Characters Discussed

(Great Characters in Literature)

Zazie Lalochère

Zazie Lalochère (zah-ZEE lah-loh-SHEHR), a preteenage girl who is nasty, precocious, clever, and vulgar. She has come to Paris for the sole purpose of riding the subway. Unfortunately, the subway workers are on strike. Zazie spends her entire stay griping about life, causing havoc, and setting the people with whom she comes in contact at loggerheads, especially her uncle, Gabriel, whom she suspects of being a homosexual. When, finally, the subway resumes operation, Zazie is so exhausted from her escapades and partying that she misses the entire adventure, although her Paris weekend has nevertheless been a thrilling, eye-opening, and maturing experience.


Gabriel, who works under the stage name of Gabriella as a female impersonator and dancer in a gay nightclub. Tall and muscular, yet graceful, the thirty-two-year-old Gabriel considers his act art and himself an artist. Although he lacks sophistication, at times he waxes philosophical about life’s transience. Alternately severe and indulgent with his niece Zazie, he plays his part in the madcap and unbridled events of tourism gone wild by inviting friends, acquaintances, and a busload of foreigners to share in the Paris-by-night activities.


Trouscaillon (trews-ki-YOH[N]), also known as Pedro-Surplus, Bertin Poirée (pwah-RAY), and Haroun al-Rations,...

(The entire section is 628 words.)

The Characters

(Literary Essentials: World Fiction)

In this novel, Queneau parodically categorizes character by gender. The female characters are stereotypically one-dimensional: They are motivated by their sexual drive. Zazie’s mother, Jeanne Lalochère, lusts for her male lover; the Widow lusts after Trouscaillon, and Zazie lusts for her jeans. The good Marceline, who does not seem to lust even for Gabriel, proves to be a man, not a woman. The male characters, on the other hand, are not lustful, but caring and responsible. They are better women than the women; they do not conform to any of the male stereotypes.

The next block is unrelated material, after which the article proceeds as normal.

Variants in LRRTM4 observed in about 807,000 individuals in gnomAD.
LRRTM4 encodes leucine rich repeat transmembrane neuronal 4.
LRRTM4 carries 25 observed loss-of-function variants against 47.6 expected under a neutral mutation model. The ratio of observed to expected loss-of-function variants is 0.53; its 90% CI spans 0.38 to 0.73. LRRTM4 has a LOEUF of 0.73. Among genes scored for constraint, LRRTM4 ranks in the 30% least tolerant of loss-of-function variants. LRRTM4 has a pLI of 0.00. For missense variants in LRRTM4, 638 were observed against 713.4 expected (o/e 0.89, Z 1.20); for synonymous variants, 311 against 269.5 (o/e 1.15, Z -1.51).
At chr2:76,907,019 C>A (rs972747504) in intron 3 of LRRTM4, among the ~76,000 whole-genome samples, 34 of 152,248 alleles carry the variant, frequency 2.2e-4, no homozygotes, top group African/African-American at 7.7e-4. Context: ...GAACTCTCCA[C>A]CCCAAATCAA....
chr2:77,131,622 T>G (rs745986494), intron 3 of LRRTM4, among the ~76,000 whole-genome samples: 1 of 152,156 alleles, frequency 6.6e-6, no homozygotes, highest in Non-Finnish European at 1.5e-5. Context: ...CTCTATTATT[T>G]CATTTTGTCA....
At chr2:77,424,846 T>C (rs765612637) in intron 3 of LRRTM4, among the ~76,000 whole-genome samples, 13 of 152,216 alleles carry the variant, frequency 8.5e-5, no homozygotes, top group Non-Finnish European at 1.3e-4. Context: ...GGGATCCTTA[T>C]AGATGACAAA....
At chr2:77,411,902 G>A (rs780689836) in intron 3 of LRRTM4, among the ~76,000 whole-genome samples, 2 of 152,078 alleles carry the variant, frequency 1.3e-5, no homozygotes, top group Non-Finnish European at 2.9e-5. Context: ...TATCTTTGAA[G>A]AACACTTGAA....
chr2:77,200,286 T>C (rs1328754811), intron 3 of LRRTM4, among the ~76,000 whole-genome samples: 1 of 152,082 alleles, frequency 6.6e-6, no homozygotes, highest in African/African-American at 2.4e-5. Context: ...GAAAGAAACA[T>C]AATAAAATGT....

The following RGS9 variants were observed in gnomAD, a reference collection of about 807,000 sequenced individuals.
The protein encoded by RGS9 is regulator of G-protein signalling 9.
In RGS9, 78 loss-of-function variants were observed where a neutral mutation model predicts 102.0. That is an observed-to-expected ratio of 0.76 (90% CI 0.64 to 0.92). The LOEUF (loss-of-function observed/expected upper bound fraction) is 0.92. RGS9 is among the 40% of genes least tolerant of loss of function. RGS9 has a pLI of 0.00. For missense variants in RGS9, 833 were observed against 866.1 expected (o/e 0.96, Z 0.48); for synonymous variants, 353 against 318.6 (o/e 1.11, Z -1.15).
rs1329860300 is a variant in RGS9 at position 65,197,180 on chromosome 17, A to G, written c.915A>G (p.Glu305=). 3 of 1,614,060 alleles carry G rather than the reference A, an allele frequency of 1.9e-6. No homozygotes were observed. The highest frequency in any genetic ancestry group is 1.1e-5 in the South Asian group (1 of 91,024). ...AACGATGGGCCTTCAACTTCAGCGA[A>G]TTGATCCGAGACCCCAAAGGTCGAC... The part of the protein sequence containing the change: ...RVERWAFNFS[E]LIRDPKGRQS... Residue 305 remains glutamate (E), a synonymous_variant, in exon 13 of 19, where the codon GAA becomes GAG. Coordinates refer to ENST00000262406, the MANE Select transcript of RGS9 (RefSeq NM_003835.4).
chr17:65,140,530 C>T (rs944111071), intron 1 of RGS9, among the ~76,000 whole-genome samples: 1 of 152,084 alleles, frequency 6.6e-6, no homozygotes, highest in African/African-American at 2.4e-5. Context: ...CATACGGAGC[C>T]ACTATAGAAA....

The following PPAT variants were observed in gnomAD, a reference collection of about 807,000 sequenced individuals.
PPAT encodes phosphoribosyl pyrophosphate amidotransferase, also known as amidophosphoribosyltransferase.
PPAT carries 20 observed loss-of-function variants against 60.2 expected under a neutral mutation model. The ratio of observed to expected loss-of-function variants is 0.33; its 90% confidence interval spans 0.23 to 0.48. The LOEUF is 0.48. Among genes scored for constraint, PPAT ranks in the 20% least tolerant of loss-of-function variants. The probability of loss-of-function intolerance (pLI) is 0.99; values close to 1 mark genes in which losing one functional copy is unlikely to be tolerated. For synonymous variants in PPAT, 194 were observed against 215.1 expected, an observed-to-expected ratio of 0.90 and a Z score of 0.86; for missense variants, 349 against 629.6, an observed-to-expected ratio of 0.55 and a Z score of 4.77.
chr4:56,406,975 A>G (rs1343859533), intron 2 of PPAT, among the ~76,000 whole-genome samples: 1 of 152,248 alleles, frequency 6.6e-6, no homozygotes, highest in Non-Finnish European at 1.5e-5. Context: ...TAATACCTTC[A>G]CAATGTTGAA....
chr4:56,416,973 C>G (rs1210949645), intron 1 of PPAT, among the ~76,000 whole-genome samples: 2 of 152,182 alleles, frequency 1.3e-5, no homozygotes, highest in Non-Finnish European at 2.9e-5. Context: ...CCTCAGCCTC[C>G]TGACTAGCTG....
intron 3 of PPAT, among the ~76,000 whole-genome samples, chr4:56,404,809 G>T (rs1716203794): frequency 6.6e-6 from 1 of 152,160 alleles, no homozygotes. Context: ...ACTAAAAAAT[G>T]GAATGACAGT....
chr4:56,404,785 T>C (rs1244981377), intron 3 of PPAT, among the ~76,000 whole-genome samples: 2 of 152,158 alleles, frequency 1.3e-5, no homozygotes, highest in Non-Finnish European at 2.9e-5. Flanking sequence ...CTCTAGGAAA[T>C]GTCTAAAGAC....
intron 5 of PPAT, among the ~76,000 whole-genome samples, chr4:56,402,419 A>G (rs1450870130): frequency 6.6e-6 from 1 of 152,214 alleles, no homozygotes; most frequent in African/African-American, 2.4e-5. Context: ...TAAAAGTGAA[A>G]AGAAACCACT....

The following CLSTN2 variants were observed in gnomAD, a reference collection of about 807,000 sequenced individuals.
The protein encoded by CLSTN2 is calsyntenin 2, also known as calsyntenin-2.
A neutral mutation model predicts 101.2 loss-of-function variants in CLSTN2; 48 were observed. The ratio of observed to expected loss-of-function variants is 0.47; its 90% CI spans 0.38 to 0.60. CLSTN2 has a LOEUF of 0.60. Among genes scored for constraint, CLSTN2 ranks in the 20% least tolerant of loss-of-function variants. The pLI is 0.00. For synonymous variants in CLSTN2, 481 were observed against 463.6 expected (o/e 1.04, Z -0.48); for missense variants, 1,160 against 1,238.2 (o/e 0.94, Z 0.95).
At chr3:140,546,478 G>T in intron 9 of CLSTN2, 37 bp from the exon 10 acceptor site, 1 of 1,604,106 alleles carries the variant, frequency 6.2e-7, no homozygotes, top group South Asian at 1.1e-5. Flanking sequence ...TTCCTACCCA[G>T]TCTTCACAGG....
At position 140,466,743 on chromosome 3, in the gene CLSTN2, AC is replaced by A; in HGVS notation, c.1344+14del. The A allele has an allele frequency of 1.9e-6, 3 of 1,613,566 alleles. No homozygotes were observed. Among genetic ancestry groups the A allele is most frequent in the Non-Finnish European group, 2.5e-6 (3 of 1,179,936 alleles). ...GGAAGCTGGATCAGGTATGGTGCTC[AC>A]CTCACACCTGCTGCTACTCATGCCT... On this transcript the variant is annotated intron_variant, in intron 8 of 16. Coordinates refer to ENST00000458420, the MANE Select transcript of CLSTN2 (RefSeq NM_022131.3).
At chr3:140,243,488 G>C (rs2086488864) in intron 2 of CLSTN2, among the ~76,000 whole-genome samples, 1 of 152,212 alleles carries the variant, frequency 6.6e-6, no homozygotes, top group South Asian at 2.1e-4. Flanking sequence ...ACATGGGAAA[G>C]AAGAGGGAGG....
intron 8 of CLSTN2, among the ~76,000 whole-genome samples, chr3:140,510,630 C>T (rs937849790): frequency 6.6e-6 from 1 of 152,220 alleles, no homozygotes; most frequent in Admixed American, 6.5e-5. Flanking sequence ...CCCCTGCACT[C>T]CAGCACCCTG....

Zazie’s command of street lingo and sexual innuendo denotes a worldly experience not usually associated with an eleven-year-old child. Yet she is also a child who was attacked by her drunken father. She was saved by her mother’s intervention, ax in hand; her mother was carrying on with the pork butcher at the time. Zazie has saved all the newspaper clippings from her mother’s trial which mention her own name (her mother was acquitted of her husband’s murder and lauded in the tabloids), and she seems to see herself as starring in a film of her own. Her one basis for judging people is whether they move and talk as they do in the movies. At this age, Zazie’s extraordinary sexual curiosity can be satisfied by a pair of tight-fitting jeans. When she is older, she will be a Circean threat to men, like every other woman.

Gabriel—an allusion to the archangel—at age thirty-two...

(The entire section is 563 words.)


(Great Characters in Literature)

Bree, Germaine, and Margaret Guiton. An Age of Fiction: The French Novel from Gide to Camus, 1957.

Cobb, Richard. Raymond Queneau, 1976.

Le Sage, Laurent. Review in Saturday Review. XLIII (October 15, 1960), p. 25.

Redfern, W.D. Queneau: “Zazie dans le metro,” 1980.

Rexroth, Kenneth. Review in The Nation. CXCI (December 24, 1960), p. 507.